Improving the quality of water involves disinfection plus purification of untreated surface and ground water.
A public/private water treatment facility aims to make water safe to drink and pleasant to taste, while also making sure that there is enough water to supply the needs of the community.
Raw, untreated water comes from an underground aquifer (via wells) or surface water sources like a river or lake. It flows or is pumped to a treatment facility. The moment it is there, the water is treated beforehand to take away debris – like leaves and silt. Then it goes through a series of treatment processes, which include disinfection and filtration using chemicals or physical processes, eliminating microorganisms that cause diseases. Once the treatment is completed, water flows out through a system of pumps and pipes, which is often called the distribution system.
There is a slight difference of water treatment process at various places, based on the technology of the plant and water needed to be processed, but the fundamental principles are mostly the same.
Coagulation / Flocculation
At the coagulation state, liquid aluminium sulfate or alum, and at times polymer, is placed in untreated/raw water. This mixture causes tiny dirt particles in water to be fastened together or coagulated. Then, collections of dirt particles join together to produce bigger, heavier particles – known as flocs – which are easily removed through filtration/settling.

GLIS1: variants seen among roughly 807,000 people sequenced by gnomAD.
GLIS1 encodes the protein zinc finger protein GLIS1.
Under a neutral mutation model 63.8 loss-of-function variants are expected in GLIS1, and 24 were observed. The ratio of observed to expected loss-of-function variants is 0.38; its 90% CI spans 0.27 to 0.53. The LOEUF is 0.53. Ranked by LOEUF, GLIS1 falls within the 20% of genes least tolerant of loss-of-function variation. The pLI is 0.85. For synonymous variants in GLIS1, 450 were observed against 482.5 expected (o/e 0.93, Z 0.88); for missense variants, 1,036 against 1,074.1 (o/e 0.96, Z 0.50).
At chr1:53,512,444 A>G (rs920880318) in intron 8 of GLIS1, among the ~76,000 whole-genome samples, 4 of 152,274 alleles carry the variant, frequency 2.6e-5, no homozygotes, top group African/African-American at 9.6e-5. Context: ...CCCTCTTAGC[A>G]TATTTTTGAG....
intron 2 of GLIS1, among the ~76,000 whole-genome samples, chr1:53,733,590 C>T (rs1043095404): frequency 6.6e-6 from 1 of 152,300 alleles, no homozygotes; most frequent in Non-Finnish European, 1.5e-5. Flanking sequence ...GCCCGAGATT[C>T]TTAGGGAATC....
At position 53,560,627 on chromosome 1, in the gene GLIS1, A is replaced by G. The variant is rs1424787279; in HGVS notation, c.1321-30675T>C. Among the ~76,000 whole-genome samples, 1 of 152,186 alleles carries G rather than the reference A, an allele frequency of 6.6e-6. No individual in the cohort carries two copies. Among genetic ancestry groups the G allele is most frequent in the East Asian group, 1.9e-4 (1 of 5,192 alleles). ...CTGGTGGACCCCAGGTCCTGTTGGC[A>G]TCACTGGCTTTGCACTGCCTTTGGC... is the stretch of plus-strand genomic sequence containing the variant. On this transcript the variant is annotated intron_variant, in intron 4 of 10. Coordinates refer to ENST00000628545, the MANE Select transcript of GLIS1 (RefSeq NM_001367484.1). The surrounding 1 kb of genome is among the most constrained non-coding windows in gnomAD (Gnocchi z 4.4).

When water and floc particles go through the treatment process, they flow into sedimentation basins where water moves slowly, letting heavy floc particles dip to the bottom. Floc collected on the lowermost part of the basin is known as sludge. This goes through pipes to reach the drying lagoons. The sedimentation state is not included in Direct Filtration and so, the floc is removed through filtration.
Water goes through a filter intended to remove water particles. The filters contain layers of gravel and sand, and in other cases, crushed anthracite. Filtration gathers the suspended water impurities and boosts the efficacy of disinfection. The filters are cleaned on a regular basis by means of backwashing.
Before water goes into the distribution system, it is disinfected to make sure that bacteria that causes diseases, parasites and viruses is eliminated. Chlorine is used since it a very effective in disinfecting and maintaining residual concentration to protect from possible biological contamination present in the system of water distribution.
Solids collected then settled out from the water through sedimentation and filtration are taken away and brought to drying lagoons.
The process of water fluoridation is the treatment of community water supplies to adjust the concentration of free fluoride ion to its optimal level, which is enough to reduce dental cavities. It is mandatory for Hunter Water to fluoridate water in conformity to the NSW Fluoridation of Public Water Supplies Act 1957.
Correction of pH
Filtered water has lime added to it to adjust the pH level and stabilize natural soft water, so corrosion in the distribution system and customers’ plumbing can be reduced.
Source by Karina Popa